59 Examination of AortaHands then oriented vertically on either side of midline with distal fingers at level of pulsation; equal pressure applied until pulsation is palpatedA well defined, pulsatile mass, greater than 3 cm across, suggests an aortic aneurysm.
60 Examination of AortaLateral width of pulsation is determined by space between index fingers or finger and thumb
61 Abdominal Aortic Aneurysm Palpable pulsatile massPatient feeling of pulsationOn rare occasions, a lump can be visible.May rupture leading to shock and deathIf ruptures into IVC = continuous murmur
63 Special exam Rebound Tenderness Murphy’s Sign McBurney’s Point Rovsing’s SignPsoas SignObturator SignCostovertebral tendernessSpinal percussion tendernessShifting DullnessFluid wave
64 Murphy’s Sign (acute cholecystitis) Examiner’s hand is at middle inferior border of liver.Patient is asked to take deep inspiration.If positive patient will experience pain and will stop short of full inspirationHepatitis, subdiaphragmatic abscess Cholecystitis
65 McBurney’s PointLocalized tenderness Just below midpoint of line between right anterior iliac crest and umbilicus.Heel strike, riding over bumps in road while driving, coughing, will produce pain.
66 McBurney’s Point (Common Causes) AppendicitisIncarcerated or strangulated herniaOvarian torsion (twisted Fallopian tube)Pelvic inflammatory diseaseAbdominal abscessHepatitisDiverticular diseaseMeckel''s diverticulum
67 Rovsing’s SignPatient will experience right lower quadrant pain (in region of McBurney’s Point) when left lower quadrant is palpated.
69 Iliopsoas SignPatient can lay on side and extend leg at the hip or have patient lay on back and try to flex hip against the resistance of examiner’s hand on thigh. If patient has an inflamed retrocecal appendix, this will produce pain.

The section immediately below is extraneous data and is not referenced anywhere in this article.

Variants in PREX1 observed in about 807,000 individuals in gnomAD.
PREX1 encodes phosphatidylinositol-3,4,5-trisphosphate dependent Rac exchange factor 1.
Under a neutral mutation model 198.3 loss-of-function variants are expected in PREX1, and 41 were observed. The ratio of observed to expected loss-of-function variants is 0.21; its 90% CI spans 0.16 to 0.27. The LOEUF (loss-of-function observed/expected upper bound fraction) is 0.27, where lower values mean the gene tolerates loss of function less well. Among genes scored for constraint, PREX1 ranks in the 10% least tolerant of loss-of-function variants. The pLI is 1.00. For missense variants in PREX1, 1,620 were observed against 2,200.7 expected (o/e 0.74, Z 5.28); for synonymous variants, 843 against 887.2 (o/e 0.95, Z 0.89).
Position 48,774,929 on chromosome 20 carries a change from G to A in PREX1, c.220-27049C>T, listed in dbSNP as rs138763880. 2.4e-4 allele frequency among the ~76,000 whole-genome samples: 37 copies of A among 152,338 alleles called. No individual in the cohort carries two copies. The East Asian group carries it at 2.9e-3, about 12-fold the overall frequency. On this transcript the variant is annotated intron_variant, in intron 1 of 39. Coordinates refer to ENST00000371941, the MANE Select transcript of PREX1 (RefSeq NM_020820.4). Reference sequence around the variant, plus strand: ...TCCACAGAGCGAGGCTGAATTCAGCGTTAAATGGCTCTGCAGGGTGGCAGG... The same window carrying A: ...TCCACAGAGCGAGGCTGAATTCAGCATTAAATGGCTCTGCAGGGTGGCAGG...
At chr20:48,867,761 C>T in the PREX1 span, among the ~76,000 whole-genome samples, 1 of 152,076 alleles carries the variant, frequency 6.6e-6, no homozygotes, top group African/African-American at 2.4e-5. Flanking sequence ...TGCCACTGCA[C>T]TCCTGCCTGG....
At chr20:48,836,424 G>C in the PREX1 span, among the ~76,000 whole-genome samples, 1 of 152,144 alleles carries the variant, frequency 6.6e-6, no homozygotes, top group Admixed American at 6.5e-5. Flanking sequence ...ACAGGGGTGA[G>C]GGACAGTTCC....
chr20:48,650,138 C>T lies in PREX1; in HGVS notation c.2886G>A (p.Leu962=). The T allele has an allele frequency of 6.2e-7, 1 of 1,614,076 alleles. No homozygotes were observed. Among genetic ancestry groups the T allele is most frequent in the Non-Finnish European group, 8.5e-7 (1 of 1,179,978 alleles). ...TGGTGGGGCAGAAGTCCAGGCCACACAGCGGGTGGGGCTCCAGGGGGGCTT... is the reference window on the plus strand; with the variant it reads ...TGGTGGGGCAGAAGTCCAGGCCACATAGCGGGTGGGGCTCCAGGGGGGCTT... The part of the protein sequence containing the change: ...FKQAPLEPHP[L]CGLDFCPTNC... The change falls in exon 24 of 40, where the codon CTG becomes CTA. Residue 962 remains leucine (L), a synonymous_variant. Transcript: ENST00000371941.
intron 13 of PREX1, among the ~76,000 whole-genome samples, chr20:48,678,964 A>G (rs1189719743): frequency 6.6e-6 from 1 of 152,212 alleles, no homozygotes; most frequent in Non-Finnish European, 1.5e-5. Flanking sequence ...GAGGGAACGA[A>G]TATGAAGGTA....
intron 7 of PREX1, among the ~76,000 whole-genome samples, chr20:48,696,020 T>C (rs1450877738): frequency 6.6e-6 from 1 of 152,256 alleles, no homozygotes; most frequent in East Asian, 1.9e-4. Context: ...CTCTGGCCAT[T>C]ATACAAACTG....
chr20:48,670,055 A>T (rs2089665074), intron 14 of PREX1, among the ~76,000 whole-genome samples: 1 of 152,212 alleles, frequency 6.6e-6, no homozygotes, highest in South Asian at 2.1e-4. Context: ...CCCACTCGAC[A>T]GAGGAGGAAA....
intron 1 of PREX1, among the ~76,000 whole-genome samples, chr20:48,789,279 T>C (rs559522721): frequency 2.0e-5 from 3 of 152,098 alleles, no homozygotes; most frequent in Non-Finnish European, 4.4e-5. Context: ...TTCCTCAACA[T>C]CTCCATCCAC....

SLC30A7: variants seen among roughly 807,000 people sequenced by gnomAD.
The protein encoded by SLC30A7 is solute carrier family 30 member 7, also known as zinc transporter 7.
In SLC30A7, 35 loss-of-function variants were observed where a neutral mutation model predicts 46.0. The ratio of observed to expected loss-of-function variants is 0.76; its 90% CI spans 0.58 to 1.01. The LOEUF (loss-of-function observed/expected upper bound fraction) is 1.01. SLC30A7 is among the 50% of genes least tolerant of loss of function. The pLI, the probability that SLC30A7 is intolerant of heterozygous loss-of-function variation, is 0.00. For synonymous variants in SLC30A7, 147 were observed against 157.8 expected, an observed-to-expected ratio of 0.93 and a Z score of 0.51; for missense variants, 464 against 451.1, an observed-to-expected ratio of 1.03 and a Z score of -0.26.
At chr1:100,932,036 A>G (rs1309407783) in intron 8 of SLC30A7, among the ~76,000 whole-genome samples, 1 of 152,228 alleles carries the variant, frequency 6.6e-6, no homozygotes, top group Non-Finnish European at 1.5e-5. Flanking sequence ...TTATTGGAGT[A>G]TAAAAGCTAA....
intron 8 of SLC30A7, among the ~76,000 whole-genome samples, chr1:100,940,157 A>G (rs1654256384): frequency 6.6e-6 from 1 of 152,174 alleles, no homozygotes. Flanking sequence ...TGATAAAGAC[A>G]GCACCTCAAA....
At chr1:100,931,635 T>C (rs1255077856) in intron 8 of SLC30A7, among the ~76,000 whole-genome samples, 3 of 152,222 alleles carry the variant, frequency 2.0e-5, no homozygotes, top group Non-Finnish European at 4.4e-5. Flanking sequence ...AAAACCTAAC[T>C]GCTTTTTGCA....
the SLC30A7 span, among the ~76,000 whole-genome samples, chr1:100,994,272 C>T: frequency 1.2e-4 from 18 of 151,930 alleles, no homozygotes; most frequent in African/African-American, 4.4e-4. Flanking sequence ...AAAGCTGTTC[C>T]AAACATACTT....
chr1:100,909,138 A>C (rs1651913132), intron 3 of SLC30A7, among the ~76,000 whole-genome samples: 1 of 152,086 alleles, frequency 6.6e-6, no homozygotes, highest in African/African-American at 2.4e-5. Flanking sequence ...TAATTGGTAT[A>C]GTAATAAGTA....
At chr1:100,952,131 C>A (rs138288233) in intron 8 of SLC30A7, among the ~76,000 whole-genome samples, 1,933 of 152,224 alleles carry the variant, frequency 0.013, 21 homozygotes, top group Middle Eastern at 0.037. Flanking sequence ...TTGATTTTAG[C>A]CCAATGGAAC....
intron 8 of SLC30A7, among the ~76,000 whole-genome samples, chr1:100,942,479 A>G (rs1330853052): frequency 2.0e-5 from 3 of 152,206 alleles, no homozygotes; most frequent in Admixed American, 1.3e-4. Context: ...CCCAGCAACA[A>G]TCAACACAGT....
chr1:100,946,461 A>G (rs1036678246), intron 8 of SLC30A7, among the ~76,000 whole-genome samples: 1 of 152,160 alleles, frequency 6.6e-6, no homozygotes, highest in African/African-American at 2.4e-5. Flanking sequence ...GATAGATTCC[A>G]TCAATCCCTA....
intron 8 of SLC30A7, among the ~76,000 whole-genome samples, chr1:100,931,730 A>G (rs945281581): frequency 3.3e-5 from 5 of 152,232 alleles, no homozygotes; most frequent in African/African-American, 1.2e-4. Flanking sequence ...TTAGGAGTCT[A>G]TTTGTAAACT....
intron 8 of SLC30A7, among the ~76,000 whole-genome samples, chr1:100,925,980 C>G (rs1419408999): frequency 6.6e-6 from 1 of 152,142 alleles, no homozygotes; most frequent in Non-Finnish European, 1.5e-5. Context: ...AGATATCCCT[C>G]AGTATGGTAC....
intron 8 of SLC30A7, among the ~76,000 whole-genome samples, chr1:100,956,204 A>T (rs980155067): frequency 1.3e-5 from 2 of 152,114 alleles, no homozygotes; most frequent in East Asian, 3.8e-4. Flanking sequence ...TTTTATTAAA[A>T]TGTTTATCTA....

70 Iliopsoas SignAnatomic basis for the psoas sign: inflamed appendix is in a retroperitoneal location in contact with the psoas muscle, which is stretched by this maneuver.
71 Obturator SignInternally rotate right leg at the hip with the knee at 90 degrees of flexion. Will produce pain if inflamed appendix is in pelvis.
72 Obturator SignAnatomic basis for the obturator sign: inflamed appendix in the pelvis is in contact with the obturator internus muscle, which is stretched by this maneuver.
73 Rebound Tenderness (For peritoneal irritation) Warn the patient what you are about to do.Press deeply on the abdomen with your hand.After a moment, quickly release pressure.If it hurts more when you release, the patient has rebound tenderness.
74 Cost vertebral Tenderness (Often with renal disease) Use the heel of your closed fist to strike the patient firmly over the costovertebral angles.Compare the left and right sides.